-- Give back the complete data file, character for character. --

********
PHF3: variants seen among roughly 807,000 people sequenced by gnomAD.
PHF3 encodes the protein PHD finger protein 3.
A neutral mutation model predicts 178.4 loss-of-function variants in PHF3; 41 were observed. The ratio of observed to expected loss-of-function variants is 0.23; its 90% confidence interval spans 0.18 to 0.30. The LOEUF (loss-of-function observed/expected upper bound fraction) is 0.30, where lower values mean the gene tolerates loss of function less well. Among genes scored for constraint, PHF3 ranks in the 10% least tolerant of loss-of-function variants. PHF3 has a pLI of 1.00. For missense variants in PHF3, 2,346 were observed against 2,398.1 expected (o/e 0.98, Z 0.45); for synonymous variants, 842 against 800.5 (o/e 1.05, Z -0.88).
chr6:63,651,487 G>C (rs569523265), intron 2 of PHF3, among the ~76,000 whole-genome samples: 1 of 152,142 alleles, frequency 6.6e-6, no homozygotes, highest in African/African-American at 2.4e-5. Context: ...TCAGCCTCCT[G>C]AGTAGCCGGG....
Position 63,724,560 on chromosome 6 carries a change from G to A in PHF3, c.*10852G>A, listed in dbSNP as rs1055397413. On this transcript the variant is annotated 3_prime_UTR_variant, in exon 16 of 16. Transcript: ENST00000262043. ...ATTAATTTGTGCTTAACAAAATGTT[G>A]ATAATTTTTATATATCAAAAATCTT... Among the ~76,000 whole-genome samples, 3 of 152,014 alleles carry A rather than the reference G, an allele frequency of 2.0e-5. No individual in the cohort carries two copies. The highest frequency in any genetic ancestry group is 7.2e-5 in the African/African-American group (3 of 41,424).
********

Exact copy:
PHF3: variants seen among roughly 807,000 people sequenced by gnomAD.
PHF3 encodes the protein PHD finger protein 3.
A neutral mutation model predicts 178.4 loss-of-function variants in PHF3; 41 were observed. The ratio of observed to expected loss-of-function variants is 0.23; its 90% confidence interval spans 0.18 to 0.30. The LOEUF (loss-of-function observed/expected upper bound fraction) is 0.30, where lower values mean the gene tolerates loss of function less well. Among genes scored for constraint, PHF3 ranks in the 10% least tolerant of loss-of-function variants. PHF3 has a pLI of 1.00. For missense variants in PHF3, 2,346 were observed against 2,398.1 expected (o/e 0.98, Z 0.45); for synonymous variants, 842 against 800.5 (o/e 1.05, Z -0.88).
chr6:63,651,487 G>C (rs569523265), intron 2 of PHF3, among the ~76,000 whole-genome samples: 1 of 152,142 alleles, frequency 6.6e-6, no homozygotes, highest in African/African-American at 2.4e-5. Context: ...TCAGCCTCCT[G>C]AGTAGCCGGG....
Position 63,724,560 on chromosome 6 carries a change from G to A in PHF3, c.*10852G>A, listed in dbSNP as rs1055397413. On this transcript the variant is annotated 3_prime_UTR_variant, in exon 16 of 16. Transcript: ENST00000262043. ...ATTAATTTGTGCTTAACAAAATGTT[G>A]ATAATTTTTATATATCAAAAATCTT... Among the ~76,000 whole-genome samples, 3 of 152,014 alleles carry A rather than the reference G, an allele frequency of 2.0e-5. No individual in the cohort carries two copies. The highest frequency in any genetic ancestry group is 7.2e-5 in the African/African-American group (3 of 41,424).